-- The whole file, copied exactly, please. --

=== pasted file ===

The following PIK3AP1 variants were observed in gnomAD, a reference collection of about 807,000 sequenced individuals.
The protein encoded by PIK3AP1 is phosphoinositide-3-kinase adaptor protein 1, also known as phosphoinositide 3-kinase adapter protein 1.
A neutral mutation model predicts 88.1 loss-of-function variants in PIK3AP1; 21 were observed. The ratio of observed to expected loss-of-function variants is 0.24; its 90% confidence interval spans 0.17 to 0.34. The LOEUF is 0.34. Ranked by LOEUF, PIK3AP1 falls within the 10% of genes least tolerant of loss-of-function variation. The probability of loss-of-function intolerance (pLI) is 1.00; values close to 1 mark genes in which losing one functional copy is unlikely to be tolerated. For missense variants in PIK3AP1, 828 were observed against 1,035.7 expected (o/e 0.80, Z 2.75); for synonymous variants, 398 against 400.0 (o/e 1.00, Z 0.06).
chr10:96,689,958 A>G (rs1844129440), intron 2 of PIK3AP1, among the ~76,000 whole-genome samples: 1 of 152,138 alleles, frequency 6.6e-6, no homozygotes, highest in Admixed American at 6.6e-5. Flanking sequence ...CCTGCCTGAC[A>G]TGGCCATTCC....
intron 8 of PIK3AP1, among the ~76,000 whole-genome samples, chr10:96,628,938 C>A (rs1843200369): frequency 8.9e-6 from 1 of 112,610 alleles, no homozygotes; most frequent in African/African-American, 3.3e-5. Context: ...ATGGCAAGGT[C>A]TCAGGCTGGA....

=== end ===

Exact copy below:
The following PIK3AP1 variants were observed in gnomAD, a reference collection of about 807,000 sequenced individuals.
The protein encoded by PIK3AP1 is phosphoinositide-3-kinase adaptor protein 1, also known as phosphoinositide 3-kinase adapter protein 1.
A neutral mutation model predicts 88.1 loss-of-function variants in PIK3AP1; 21 were observed. The ratio of observed to expected loss-of-function variants is 0.24; its 90% confidence interval spans 0.17 to 0.34. The LOEUF is 0.34. Ranked by LOEUF, PIK3AP1 falls within the 10% of genes least tolerant of loss-of-function variation. The probability of loss-of-function intolerance (pLI) is 1.00; values close to 1 mark genes in which losing one functional copy is unlikely to be tolerated. For missense variants in PIK3AP1, 828 were observed against 1,035.7 expected (o/e 0.80, Z 2.75); for synonymous variants, 398 against 400.0 (o/e 1.00, Z 0.06).
chr10:96,689,958 A>G (rs1844129440), intron 2 of PIK3AP1, among the ~76,000 whole-genome samples: 1 of 152,138 alleles, frequency 6.6e-6, no homozygotes, highest in Admixed American at 6.6e-5. Flanking sequence ...CCTGCCTGAC[A>G]TGGCCATTCC....
intron 8 of PIK3AP1, among the ~76,000 whole-genome samples, chr10:96,628,938 C>A (rs1843200369): frequency 8.9e-6 from 1 of 112,610 alleles, no homozygotes; most frequent in African/African-American, 3.3e-5. Context: ...ATGGCAAGGT[C>A]TCAGGCTGGA....